Considered the national drink of Japan, sake is one of the most complex and attractive preparations in the world. known as nihonshu which means “Japanese liquor”, is the ceremonial aperitif by excellence.
Sake, pronounced “sah-keh,” is a japanese alcoholic drink made of fermented rice. Its origin dates back to more than 2,000 years ago, when rice cultivation came to Japan from China. It is customary to serve in a tall bottle called tokkuri and drinks from a sakazuki, a small porcelain cup. In Japan it is served during formal ceremonies, special events, and national holidays.
Etymologically, sake is a general term for any alcoholic beverage, and what Westerners know as sake actually refers to “nihonshu,” the traditionally brewed and fermented drink. Although sake is often called “rice wine” it is also linked to beer because it shares a similar manufacturing process. However, sake brewing is much more complex and requires a process called multiple parallel fermentationto boost the conversion of starch to sugar and in sequence to alcohol simultaneously.
Sake is achieved with four ingredients: rice, water, yeast and koji. The rice used to make sake, called “sakamai”, is special and distinguished by a large starch nucleus in the center of the grain. More than 100 strains of rice are used in sake production, but the three main varieties are Yamada Nishiki, Gohyaku Mangoku, and Miyama Nishiki. The koji or mushroom Aspergillus oryzae for its part, it is the mold that is carefully distributed over the rice to convert the starches into sugar. The conjunction of the ingredients shape the sake, and the alteration of the factors achieves the different flavor profiles.
The process begins with high-quality rice that is polished to remove fat and protein from the grain. It is then steamed and inoculated with the koji fungus, which transforms the starch into sugars. Then a fermentation with yeasts is carried out, which can vary according to the type of sake that you want to obtain. The resulting alcoholic liquid is finally filtered and bottled for a drink that can have between 14 and 22 degrees of alcohol.
Because of its complexity, sake is a own category of drink with a unique manufacturing process. With more than 10,000 variations, they are classified into five large groups or types: Junmai-shu, Honjozo-shu, Ginjo-shu, Daiginjo-shu, and Nama-zake. There’s also cloudy sake, which is coarsely filtered; sparkling sake, which contains less alcohol and is often served cold; and long-aged sake, which has a mild flavor. Sake can range from dry to sweet and tends to be more acidic than beer. The amino acids in the drink represent an umami taste, and some types of sake even have fruity flavors.
Such is its importance and relevance in the Asian country that October 1 is “Nihonshu Day” or “World Sake day”, the day that sake preparation begins in Japan. That day is toasted with sake in all regions to celebrate and wish prosperity.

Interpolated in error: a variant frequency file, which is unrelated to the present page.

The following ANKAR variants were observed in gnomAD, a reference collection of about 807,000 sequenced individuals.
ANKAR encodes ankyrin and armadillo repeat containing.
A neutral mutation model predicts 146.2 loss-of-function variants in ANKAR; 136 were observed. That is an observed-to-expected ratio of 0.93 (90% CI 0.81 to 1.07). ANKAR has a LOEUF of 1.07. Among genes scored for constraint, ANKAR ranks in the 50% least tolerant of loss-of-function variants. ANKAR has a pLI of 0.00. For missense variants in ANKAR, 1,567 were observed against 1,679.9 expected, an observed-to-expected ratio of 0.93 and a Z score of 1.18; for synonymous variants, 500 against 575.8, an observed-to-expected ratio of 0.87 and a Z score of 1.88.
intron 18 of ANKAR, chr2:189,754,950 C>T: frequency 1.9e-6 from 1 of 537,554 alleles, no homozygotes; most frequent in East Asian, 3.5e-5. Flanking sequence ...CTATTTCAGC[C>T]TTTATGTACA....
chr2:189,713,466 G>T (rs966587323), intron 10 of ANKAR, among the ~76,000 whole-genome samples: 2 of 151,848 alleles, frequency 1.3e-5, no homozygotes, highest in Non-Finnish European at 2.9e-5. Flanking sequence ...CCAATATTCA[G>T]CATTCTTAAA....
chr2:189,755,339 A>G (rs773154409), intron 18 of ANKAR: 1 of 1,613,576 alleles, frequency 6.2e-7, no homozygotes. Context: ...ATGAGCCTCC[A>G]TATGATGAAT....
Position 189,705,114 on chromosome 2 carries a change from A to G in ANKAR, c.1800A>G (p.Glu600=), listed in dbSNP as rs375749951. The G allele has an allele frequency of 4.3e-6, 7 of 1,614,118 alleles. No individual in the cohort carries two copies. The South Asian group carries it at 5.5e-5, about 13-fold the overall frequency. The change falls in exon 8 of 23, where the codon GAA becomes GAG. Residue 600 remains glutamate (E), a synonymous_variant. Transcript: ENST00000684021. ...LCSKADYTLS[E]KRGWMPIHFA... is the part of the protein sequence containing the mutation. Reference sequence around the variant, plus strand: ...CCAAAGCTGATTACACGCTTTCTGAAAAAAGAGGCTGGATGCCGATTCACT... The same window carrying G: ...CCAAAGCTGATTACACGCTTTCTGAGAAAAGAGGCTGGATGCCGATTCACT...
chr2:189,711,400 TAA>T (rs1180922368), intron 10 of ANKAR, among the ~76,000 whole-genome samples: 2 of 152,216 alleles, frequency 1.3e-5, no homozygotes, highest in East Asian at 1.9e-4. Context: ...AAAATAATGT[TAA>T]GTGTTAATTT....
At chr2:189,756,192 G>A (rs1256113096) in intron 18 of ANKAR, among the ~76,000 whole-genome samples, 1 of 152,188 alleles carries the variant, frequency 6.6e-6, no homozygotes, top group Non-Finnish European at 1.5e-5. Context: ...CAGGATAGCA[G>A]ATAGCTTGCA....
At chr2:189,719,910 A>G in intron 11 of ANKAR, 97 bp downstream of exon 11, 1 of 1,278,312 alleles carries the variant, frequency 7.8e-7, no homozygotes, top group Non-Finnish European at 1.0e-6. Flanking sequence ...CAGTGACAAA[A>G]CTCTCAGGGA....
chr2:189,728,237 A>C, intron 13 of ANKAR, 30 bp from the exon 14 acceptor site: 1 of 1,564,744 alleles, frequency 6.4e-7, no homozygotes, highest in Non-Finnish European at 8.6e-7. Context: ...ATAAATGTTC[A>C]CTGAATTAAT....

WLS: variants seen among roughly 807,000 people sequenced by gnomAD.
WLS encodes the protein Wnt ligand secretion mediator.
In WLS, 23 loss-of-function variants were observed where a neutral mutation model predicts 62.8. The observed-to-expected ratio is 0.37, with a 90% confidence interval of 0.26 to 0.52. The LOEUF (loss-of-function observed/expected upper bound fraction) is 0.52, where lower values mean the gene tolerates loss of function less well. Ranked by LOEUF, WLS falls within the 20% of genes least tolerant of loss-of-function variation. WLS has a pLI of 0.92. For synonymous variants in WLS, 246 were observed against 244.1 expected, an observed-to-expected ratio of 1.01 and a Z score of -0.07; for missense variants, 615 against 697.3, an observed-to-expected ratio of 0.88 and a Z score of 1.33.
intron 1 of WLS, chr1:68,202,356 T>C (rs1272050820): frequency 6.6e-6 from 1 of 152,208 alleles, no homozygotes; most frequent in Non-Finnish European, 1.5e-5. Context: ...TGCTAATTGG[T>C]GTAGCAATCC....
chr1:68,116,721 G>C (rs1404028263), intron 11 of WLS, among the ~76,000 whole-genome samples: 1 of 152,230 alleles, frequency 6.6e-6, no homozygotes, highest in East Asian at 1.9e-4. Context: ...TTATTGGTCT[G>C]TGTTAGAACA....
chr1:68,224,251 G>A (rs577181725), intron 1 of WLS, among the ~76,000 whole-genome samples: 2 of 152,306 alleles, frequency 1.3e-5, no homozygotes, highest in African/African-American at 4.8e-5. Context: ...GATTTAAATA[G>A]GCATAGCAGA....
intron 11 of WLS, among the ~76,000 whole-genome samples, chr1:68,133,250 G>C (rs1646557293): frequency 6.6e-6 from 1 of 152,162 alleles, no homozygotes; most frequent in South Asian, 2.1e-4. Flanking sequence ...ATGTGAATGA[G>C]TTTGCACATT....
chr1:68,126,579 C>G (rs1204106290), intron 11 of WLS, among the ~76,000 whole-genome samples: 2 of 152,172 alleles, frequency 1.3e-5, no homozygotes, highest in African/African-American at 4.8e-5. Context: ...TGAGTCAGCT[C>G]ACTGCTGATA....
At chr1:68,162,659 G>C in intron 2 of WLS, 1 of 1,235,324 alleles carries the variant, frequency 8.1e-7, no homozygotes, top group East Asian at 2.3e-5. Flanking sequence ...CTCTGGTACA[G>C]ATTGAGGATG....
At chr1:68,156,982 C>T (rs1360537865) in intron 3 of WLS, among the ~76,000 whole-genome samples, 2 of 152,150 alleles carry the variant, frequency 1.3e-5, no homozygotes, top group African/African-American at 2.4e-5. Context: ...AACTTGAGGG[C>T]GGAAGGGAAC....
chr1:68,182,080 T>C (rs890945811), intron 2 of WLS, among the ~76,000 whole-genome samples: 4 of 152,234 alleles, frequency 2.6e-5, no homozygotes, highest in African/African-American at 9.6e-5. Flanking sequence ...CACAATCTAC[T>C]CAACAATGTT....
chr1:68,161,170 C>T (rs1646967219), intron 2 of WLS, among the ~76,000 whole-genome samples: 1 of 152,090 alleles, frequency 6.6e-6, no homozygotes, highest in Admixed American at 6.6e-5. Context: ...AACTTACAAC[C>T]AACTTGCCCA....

Properties and contraindications
Some studies claim that drinking sake benefits sleep quality and skinas well as that the drink has anti-inflammatory properties for people with diabetes. However, the results are not conclusive to generalize.
Sake may contain a lactic acid bacterium called lactobacillus. Lactobacillus is a probiotic It can help with digestive problems, particularly diarrhea caused by illness or the use of antibiotics.
However, being an alcoholic drink, the excessive consumption of any type of alcohol carries a series of health risks such as: damage and heart disease, strokes and others.
In the kitchen
Sake is a drink that can be enjoyed in a wide temperature range. Of course, its flavor changes subtly by varying it, allowing you to discover new profiles of flavor and charm. The ideal range to enjoy cold sake is 0ºC to 8ºC. To experience it in its heated version, it is recommended between room temperature and up to 55ºC. This also depends on the type of sake: in general the label clarifies the ideal of consumption in its pure form or in cocktails.
Gekkeikan The Finest Sake 14.5% Vol. 0.72l
As to meals, sake is paired with a wide range of foods. Pairs perfectly with fermented ingredients such as cheese and miso, as well as seafood, sushi, grilled vegetables, salads, oysters, soups and noodles as in the following recipe.
Norwegian salmon glazed with sake and teriyaki
We cut the salmon loins in the way that I taught you here for better use. In this case we will use the clean loins or fillets. In a non-stick frying pan, add the olive oil with a touch of sesame oil and mark the salmon fillets on all sides, without overdoing it so that they are very juicy.
Once the salmon loins have been marked, we remove the fish Add the butter, teriyaki sauce, sake, mirin and soy sauce to the pan, mixing and bringing to a boil. Add the sugar and stir until you get a smooth and shiny sauce.
Put the salmon back in the pan. and cover it with the sauce, giving it light baths with a spoon until its surface is glazed. We serve immediately, with a vegetable garnish that if we want, we can also cover with the same sauce left over from the pan. I used cooked potatoes and carrots to make it a light dish.
Complete recipe | Norwegian salmon glazed with sake and teriyaki. Simple fish recipe with an oriental touch
Image | iStock
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